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Panel OKs USM-H funding cut

March 20, 2009|By ERIN CUNNINGHAM

ANNAPOLIS -- A $500,000 cut in funding from the University System of Maryland at Hagerstown's $2 million budget was approved Friday by the House Appropriations Committee.

The proposal, which will move to the full House for a vote Wednesday, also calls for reducing the downtown Hagerstown center's funding over the next four years to a level more consistent with non-USM centers. Those cuts would decrease USM-H funding to $172,000.

A proposal earlier this month to reduce the center's funding to $172,000 was rejected. At that time, officials said funding of $172,000 would be what USM-H would receive if it was a non-USM center.

C. David Warner III, executive director of USM-H, has said a funding cut of that size would shut down the center.

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The proposal to cut USM-H funding was approved unanimously Friday by the Appropriations Committee. No member of Washington County's delegation sits on the committee.

"It's really no surprise to me," Warner said of the cut.

Warner was in Annapolis Friday for the committee's vote. He said it still is early in the process, and the committee is supporting more funding for USM-H this year than last.

Last year, Del. John L. Bohanan Jr., D-St. Mary's, who heads the House subcommittee that cut USM-H funding, pushed to eliminate all $2.1 million for USM-H in fiscal year 2009 and spread it among several non-USM higher-education centers, including one in his district. Under the proposal, USM-H might have received $700,000. The House and Senate negotiated a compromise that restored $2 million to USM-H.

Warner predicted Friday the House would approve the committee's decision when it votes Wednesday and the approval of USM-H funding would follow a similar path as last year.

The House committee also approved $10.3 million in cuts from the University System of Maryland as a whole, and another $10 million in general fund losses for the system, not including the elimination of $500,000 required to be taken from USM-H.

Warner said Friday he would not speculate about what a funding cut would do to USM-H until a final number was known and he had consulted with university system officials about what the USM-H cut and the system's total cut would mean for the Hagerstown center.

Del. John P. Donoghue, D-Washington, said everyone should remain calm, and no funding decisions for USM-H had yet been made.

Donoghue said Gov. Martin O'Malley has pledged his support for USM-H. He said he would continue to work to secure as much funding as possible for the center.

Bohanan said his subcommittee did not recommend similar cuts for USM-H's sister center, Universities at Shady Grove, which is a USM center in Montgomery County, because it is larger and operates differently than other regional higher education centers.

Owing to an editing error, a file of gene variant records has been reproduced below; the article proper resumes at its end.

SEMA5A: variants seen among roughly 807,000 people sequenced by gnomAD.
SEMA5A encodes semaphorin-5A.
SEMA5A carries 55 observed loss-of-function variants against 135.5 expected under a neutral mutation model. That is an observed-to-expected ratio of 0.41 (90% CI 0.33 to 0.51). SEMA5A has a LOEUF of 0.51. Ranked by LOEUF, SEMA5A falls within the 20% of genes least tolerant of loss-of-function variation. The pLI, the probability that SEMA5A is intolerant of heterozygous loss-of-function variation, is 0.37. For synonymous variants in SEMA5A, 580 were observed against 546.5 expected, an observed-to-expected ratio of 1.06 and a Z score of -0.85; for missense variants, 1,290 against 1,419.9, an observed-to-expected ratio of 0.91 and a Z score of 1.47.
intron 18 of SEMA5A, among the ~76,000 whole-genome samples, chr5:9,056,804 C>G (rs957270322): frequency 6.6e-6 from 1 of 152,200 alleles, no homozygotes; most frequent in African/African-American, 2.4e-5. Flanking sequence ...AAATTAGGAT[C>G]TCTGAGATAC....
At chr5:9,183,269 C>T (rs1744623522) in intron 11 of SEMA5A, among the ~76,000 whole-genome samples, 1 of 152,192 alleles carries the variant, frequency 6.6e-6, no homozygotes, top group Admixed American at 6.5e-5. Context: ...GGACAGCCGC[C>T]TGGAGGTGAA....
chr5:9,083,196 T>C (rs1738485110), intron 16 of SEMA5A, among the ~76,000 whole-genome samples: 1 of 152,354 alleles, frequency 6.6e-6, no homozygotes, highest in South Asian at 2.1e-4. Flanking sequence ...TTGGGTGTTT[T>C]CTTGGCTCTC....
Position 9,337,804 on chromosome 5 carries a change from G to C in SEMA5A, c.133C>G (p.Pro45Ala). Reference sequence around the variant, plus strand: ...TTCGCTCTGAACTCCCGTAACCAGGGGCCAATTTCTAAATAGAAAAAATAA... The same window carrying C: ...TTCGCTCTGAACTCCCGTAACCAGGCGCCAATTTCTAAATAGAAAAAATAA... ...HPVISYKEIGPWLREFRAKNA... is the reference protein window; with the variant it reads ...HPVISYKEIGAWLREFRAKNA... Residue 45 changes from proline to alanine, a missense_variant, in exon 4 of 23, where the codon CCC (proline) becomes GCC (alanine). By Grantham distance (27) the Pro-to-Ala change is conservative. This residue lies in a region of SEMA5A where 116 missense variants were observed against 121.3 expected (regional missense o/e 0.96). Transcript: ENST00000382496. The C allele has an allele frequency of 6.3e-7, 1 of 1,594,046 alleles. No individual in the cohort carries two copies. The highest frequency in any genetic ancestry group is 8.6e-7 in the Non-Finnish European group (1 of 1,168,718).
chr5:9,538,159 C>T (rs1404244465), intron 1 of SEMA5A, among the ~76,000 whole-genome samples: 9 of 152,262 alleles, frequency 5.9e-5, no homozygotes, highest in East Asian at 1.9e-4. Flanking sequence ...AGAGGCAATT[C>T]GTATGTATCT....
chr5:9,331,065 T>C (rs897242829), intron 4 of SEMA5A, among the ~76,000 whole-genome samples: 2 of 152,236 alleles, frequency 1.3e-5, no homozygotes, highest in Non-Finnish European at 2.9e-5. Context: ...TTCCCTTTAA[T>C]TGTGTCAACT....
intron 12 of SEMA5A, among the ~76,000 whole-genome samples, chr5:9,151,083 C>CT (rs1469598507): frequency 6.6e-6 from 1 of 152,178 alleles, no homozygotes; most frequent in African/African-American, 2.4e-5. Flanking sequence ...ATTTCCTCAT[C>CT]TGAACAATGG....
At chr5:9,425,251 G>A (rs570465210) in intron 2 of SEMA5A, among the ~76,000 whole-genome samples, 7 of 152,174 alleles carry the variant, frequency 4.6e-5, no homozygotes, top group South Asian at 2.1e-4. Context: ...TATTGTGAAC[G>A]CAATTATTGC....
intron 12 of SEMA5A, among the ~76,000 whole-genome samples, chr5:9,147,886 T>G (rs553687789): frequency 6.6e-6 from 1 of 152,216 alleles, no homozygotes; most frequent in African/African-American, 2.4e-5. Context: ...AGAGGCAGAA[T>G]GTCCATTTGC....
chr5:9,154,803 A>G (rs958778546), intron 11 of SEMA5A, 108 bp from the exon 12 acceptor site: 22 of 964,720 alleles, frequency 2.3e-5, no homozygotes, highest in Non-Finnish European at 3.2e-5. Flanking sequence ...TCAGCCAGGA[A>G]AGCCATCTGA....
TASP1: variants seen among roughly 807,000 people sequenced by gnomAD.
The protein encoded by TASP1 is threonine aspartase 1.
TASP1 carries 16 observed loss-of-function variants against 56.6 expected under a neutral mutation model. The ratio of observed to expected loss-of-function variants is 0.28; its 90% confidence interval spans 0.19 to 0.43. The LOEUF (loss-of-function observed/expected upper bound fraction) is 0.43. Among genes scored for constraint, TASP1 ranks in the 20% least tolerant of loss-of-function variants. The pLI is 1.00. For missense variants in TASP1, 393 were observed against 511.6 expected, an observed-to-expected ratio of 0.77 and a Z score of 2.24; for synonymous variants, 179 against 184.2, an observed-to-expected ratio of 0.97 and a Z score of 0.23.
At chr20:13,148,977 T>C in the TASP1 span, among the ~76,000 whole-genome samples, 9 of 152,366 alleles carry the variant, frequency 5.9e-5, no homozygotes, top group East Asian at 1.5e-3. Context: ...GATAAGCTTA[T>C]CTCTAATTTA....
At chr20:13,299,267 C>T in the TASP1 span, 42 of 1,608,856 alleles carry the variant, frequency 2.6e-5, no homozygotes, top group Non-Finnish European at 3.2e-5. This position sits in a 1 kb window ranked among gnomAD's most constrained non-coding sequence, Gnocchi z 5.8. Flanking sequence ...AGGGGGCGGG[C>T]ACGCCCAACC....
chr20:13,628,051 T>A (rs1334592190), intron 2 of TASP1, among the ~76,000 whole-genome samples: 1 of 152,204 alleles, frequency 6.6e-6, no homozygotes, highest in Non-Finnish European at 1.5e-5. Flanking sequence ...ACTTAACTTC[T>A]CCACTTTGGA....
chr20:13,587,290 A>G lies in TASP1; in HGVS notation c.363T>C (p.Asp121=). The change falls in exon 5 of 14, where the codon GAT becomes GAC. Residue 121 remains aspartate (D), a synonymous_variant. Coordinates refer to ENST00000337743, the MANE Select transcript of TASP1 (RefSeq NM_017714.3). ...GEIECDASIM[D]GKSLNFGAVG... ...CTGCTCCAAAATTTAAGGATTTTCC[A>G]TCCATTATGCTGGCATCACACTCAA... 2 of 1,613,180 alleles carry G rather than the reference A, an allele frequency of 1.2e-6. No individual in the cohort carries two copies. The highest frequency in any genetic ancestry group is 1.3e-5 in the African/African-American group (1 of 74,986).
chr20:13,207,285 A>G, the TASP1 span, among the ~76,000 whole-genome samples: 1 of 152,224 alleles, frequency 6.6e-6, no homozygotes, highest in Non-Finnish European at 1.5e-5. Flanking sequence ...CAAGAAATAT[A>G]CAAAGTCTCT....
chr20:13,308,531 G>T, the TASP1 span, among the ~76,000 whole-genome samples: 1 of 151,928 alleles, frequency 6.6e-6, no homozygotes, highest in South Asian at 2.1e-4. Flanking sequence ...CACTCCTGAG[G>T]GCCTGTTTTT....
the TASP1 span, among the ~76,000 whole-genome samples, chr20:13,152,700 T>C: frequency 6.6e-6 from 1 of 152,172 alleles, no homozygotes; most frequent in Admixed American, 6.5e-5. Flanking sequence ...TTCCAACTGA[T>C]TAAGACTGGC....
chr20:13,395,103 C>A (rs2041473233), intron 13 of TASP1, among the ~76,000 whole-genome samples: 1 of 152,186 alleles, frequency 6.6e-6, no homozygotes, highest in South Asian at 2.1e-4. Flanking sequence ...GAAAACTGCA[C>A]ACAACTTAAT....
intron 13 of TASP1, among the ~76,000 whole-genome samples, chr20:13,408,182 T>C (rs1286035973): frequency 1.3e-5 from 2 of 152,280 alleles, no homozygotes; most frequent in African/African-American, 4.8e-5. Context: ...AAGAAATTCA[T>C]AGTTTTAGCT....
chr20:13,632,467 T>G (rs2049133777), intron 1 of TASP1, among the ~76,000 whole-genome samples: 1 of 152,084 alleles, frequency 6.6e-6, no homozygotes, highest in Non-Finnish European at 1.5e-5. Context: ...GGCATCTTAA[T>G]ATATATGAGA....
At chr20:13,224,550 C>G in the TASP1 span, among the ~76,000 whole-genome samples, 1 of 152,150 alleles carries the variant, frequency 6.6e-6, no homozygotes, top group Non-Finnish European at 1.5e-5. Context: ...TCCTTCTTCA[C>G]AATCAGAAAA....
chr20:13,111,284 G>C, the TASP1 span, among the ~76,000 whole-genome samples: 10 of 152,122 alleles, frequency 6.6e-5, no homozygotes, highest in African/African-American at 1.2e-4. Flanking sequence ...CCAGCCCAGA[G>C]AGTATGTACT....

Bohanan said there are centers statewide that operate on as little as $400 in state money per student. He said USM-H spends $8,000 per student, and said the effort to reduce the state's investment in USM-H was a matter of "equity."

However, Warner said the $8,000 per student cited by Bohanan was a figure from fiscal year 2008. Through enrollment growth -- which is up 15 percent -- and an effort to increase nonstate revenue, the cost per pupil dropped to $5,000 in the current fiscal year.

As of the fall of 2008, USM-H had 21 programs from six universities and enrolled 455 students.

Joe Bucci, director of communications for the Shady Grove center, said Thursday the Montgomery County, Md., center enrolls about 3,000 graduate, undergraduate, full- and part-time students, making it the largest regional higher education center in the state.

Bucci said Friday the cost per pupil at the Shady Grove center was $4,007 in the current fiscal year based on 1,844 full-time equivalent students. He said the cost per pupil at the Hagerstown center was $7,046 per pupil based on 273 full-time equivalent students.

Bucci said Thursday he would provide The Herald-Mail with the Shady Grove center's operating budget, but did not respond to an additional request Friday for the information.

He said it was difficult to compare the Shady Grove and Hagerstown centers because Shady Grove opened nine years ago and the Hagerstown center is in its fourth year of operation. The Shady Grove center also is in a more populated area, Bucci said.

Warner has said USM-H is the newest and youngest of the state's eight regional higher education centers, but also is the third largest.




Donoghue blames Shank for lawmakers' attempts to reduce funding for USM-H



ANNAPOLIS -- Del. John P. Donoghue said Friday another state lawmaker agrees that Del. Christopher B. Shank is to blame for attempts to cut funding for the University System of Maryland at Hagerstown.

However, Del. John L. Bohanan Jr., D-St. Mary's, said he never mentioned Shank, R-Washington, by name.

Donoghue, D-Washington, said Wednesday that Shank's repeated votes against the state's budget and requests to reduce spending led lawmakers to suggest those cuts come from USM-H.

Donoghue said Friday that Bohanan agreed.

"(Bohanan) said, 'Delegate Shank said spending is unreasonable' ... Well, here's a way to rein it in," Donoghue said.

Bohanan heads a subcommittee that recommended cuts to USM-H funding this year and last year.

When told about Donoghue's comments, Bohanan said he did not mention Shank by name, but he did say some lawmakers complain about overspending by the state.

"We all know who they are," Bohanan said.

He said the decision to cut funding from USM-H was based on equity and was "completely appropriate," not because of Shank's actions.

-- Erin Cunningham

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